It is within this unique situation and space that McFetridge, Bligh, Lander and those who wish to remain anonymous come together to explore the specific context of Balfron Tower as both a community, and site of social concern and consequential displacement. The artists consider the importance of who has inhabited the building, who is present in the spaces now, and who will utilise this environment in the future.
Through a combined presentation, the artists prompt an open discussion of the social, political, economic and personal implications of displacement and presence within this particular site and community. Inhabiting two vacated flats that though mirrored, imply visibly different histories, their interventions open up a space for interaction, discussion and consideration located at the heart of Balfron Tower itself.
Completed in 1967 in Poplar, East London, the 26 storey Modernist structure of Balfron Tower consists of 136 flats and 10 maisonettes designated for habitation by social housing tenants. After being granted Grade II listing in March 1996, ownership was transferred from Tower Hamlets Council to Poplar HARCA Housing Association in 2007 when the building was designated for extensive refurbishment indicating the beginning of the gradual rehousing of an historic community. In the intervening years Bow Arts Trust has provided work/live spaces for artists at Balfron Tower and managed education, environmental and cultural work in the local community. In 2014 the few remaining residents, and temporary community of artists and property guardians who have inhabited the Balfron Tower over the past 4 four years will depart in order to make way for the imminent refurbishment of this iconic building.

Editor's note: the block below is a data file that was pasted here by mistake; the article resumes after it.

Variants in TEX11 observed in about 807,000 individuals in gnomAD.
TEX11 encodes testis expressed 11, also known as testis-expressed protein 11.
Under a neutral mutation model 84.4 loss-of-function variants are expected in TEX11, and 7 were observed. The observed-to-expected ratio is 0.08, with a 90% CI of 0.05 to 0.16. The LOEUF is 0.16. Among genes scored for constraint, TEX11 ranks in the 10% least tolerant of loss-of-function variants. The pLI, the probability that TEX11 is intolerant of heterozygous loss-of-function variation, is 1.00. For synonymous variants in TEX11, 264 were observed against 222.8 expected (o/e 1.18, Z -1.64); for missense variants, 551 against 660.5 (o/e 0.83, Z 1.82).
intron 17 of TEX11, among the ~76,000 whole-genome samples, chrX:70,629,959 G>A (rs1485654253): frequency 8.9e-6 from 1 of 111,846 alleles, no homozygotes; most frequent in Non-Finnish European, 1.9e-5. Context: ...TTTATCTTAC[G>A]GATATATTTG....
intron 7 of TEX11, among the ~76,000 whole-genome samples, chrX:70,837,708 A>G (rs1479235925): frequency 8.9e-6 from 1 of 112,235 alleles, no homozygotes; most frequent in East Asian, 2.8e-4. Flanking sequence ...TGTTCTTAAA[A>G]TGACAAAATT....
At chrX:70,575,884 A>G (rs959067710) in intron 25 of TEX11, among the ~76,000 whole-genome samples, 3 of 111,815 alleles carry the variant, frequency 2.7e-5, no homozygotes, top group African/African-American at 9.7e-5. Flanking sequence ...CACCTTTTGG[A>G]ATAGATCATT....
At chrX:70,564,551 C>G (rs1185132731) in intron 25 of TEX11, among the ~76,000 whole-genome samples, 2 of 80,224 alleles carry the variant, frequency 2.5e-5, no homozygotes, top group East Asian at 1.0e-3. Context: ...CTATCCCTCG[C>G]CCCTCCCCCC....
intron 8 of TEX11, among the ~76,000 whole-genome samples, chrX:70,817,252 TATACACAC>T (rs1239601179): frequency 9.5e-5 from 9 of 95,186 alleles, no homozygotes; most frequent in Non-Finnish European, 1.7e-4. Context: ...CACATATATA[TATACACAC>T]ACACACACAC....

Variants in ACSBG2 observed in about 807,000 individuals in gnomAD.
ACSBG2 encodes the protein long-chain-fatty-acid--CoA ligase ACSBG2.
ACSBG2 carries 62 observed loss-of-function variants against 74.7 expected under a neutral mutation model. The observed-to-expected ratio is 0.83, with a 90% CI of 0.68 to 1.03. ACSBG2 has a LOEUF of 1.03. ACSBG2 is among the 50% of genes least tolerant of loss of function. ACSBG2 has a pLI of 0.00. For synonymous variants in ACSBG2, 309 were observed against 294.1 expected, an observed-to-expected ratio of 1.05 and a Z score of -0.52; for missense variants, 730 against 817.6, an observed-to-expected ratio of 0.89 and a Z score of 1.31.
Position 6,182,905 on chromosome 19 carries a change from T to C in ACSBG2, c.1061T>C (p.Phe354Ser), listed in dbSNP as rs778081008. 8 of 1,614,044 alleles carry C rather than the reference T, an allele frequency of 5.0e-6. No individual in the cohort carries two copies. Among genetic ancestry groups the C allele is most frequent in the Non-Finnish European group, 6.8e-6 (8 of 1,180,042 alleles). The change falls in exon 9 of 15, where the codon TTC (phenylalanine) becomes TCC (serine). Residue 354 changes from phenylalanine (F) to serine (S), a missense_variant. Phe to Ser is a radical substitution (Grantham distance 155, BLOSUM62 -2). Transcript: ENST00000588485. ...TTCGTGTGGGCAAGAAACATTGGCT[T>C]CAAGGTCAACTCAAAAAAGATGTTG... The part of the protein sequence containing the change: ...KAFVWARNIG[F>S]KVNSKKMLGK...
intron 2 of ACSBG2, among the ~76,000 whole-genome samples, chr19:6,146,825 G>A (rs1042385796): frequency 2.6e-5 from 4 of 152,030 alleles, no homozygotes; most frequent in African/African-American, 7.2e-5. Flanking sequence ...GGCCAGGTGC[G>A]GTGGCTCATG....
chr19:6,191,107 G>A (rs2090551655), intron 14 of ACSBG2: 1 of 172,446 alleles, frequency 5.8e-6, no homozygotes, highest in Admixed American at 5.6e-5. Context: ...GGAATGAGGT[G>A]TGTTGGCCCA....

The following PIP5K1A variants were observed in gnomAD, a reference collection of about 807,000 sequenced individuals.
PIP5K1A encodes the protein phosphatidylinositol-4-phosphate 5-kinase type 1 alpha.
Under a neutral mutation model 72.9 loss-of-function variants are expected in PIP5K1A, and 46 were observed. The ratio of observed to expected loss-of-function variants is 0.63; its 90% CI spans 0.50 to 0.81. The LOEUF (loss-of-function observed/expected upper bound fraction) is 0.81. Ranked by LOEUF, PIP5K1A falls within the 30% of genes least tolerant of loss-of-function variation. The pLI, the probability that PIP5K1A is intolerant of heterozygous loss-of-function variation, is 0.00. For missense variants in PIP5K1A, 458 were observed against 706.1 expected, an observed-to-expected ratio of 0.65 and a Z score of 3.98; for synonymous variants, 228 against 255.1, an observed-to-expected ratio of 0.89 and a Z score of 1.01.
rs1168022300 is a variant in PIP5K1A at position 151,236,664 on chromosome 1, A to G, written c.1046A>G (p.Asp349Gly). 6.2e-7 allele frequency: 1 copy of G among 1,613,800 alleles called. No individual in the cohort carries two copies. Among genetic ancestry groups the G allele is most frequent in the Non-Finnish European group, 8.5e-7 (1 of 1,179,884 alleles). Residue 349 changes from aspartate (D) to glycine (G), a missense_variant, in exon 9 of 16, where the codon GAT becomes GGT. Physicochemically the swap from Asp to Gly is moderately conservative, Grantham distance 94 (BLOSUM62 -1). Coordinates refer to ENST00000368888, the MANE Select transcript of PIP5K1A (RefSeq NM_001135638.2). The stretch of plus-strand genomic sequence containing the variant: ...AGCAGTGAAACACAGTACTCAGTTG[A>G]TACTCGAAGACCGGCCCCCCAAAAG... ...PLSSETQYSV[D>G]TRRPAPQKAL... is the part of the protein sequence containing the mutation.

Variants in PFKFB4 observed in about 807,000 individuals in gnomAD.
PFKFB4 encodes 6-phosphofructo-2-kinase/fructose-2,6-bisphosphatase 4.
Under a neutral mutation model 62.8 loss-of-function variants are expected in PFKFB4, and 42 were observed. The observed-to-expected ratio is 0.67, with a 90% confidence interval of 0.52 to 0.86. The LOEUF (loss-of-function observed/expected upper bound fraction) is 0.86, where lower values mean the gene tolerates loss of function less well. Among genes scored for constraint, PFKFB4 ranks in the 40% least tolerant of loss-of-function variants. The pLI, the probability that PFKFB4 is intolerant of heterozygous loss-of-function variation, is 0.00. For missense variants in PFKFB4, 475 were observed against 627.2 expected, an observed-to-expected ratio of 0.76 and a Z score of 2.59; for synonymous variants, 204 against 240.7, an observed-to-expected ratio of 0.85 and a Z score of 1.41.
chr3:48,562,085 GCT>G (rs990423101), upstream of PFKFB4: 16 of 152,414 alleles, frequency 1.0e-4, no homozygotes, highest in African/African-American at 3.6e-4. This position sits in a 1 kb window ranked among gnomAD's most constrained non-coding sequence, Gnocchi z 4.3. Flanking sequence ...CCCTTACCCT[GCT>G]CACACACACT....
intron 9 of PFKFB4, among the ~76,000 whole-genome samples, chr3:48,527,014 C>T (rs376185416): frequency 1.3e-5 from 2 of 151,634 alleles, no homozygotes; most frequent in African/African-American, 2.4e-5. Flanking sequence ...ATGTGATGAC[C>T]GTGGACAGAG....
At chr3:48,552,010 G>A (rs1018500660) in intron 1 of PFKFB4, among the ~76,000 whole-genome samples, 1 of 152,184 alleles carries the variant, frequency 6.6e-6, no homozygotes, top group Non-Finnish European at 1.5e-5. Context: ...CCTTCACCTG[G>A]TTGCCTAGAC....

For further information and press enquiries please contact Harriet Cooper email@example.com High resolution images available on request.
Erno Goldfinger's concept of Streets in the Air is represented in this block of 12 portraits of people that are either living or directly associated with the tower in 2014. The background colours are based on the coloured tiles used on each Street.
Left to Right:Erno Goldfinger's concept of Streets in the Air is represented in this block of 12 portraits of people that are either living or directly associated with the tower in 2014. The background colours are based on the coloured tiles used on each Street.
Left to Right:
Portraits with a range of people associated with the Balfron Tower. A 27 storey residential social housing building in Poplar, London. Designed by architect Erno Goldfinger in 1963, the building was then Grade II listing in 1996. With plans to restore the tower in place, council and leaseholder residents are decanted out and short term "licence to occupy" guardians move in to hold an affordable yet unsteady fort. In heartland East End and moments from Canary Wharf, without rent protection the neighbourhood's community are rightfully cautious and already exposed to unwanted change due to the capitals growing housing market.
Alan moved into Balfron Tower October 2013 and continues working on the project.
Images from a busy and fun 8 day shoot with Ron Berry, TIm White, Andrea Rosenfeld and Ginnie Assenza from RPA and an amazing crew from Los Angeles. Retouching by Recom Farmhouse, production by and shot in the Greater Los Angeles area.
This is the final image of four from a vibrant and colour commission by Saatchi & Saatchi and Toyota. We worked with Mark Norcutt and Matt Hearn to Art Direct then merge the photographic and CG elements together, producing colour rich images for 3 models. Retouching & CGI by Recom Farmhouse.